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grammy winners Lost Bayou ramblers close out in blue hour…

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day three of French quarter fest: let the crowds get cozy…

Saturday of festival usually means that everyone is off of work, kids are out of school, and the French Quarter is the city’s second home. The lawn chair and blankets create a landscape that cover the festival grounds like a patchwork maze while the kids play tag and weave in and out of food and drink lines. For a photographer trying to cover alot of ground, you have to make use of your time photographing the moments when you get it. Alot of your day is spent walking, dodging, and just plain “cutting through” the crowds.

 Trumpeter and bandleader Desmond Venable lead students and fire up the crowd. ©Zack Smith Photography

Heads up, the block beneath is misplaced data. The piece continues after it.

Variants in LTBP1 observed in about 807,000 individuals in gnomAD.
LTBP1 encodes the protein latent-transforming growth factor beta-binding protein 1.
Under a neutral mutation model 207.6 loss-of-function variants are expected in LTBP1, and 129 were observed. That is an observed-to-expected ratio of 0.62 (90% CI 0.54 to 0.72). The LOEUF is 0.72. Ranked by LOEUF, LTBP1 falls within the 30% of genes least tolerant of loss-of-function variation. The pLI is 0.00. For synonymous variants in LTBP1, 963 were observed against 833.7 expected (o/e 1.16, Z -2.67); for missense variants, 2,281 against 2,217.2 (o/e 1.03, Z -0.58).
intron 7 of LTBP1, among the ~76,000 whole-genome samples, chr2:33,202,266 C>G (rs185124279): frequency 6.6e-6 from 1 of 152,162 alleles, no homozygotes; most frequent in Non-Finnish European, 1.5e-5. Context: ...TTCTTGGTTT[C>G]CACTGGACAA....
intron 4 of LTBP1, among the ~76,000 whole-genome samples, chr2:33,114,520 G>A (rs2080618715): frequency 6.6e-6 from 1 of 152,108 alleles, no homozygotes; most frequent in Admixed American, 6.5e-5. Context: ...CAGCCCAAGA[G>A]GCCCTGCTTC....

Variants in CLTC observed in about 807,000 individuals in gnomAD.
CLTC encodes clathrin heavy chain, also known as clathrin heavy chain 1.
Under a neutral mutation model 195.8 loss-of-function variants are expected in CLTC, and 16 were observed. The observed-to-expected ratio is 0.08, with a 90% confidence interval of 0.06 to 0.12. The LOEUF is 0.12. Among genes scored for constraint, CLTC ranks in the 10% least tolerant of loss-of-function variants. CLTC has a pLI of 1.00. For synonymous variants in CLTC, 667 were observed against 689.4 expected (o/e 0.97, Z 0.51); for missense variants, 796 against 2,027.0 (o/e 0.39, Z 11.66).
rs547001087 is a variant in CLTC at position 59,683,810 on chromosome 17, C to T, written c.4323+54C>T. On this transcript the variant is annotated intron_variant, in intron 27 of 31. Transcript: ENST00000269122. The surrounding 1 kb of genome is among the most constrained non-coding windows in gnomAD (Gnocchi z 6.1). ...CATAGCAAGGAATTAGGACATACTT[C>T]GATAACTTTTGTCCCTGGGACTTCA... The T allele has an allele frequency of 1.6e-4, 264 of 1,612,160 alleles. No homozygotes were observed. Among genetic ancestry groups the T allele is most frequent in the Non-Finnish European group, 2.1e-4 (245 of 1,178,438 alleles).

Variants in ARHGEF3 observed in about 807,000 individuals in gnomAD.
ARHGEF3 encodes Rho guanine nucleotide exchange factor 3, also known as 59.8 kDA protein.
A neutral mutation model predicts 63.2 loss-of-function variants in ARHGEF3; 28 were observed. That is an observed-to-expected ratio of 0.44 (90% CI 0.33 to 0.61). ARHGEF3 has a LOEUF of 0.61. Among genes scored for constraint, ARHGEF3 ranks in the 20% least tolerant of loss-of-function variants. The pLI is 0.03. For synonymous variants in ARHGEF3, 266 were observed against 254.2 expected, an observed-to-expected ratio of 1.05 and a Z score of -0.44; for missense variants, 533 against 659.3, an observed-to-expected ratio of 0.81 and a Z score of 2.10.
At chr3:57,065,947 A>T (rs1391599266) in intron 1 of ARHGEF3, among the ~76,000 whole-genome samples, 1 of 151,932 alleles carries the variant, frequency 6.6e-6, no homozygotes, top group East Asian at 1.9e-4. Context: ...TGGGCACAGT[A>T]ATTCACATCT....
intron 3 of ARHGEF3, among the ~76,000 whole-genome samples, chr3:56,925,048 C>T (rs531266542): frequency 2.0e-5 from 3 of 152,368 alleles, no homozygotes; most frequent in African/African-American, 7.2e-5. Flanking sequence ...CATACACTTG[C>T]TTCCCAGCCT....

Trumpeter and bandleader Desmond Venable lead students and fire up the crowd. ©Zack Smith Photography

 Will Smith serenades with the Storyville Stompers Brass Band. ©Zack Smith Photographyn n nn n n

Will Smith serenades with the Storyville Stompers Brass Band. ©Zack Smith Photography

 Chance Bushman and the Ibervillianaires had the swing dancers swinging early at the Traditional Jazz Stage. ©Zack Smith Photography

Chance Bushman and the Ibervillianaires had the swing dancers swinging early at the Traditional Jazz Stage. ©Zack Smith Photography

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 Bryan, Louis, and Kirkland are seen lugging their gear to the Michot Melody Makers set. Hard workers. (Period) ©Zack Smith Photography

Bryan, Louis, and Kirkland are seen lugging their gear to the Michot Melody Makers set. Hard workers. (Period) ©Zack Smith Photography

Festival Moments from an action packed Saturday

Cyril Neville, Dwayne Dopsie, Mia Borders, Big Chief Monk Boudreaux, “Bangkok Swing” dancers, Paul Lafleur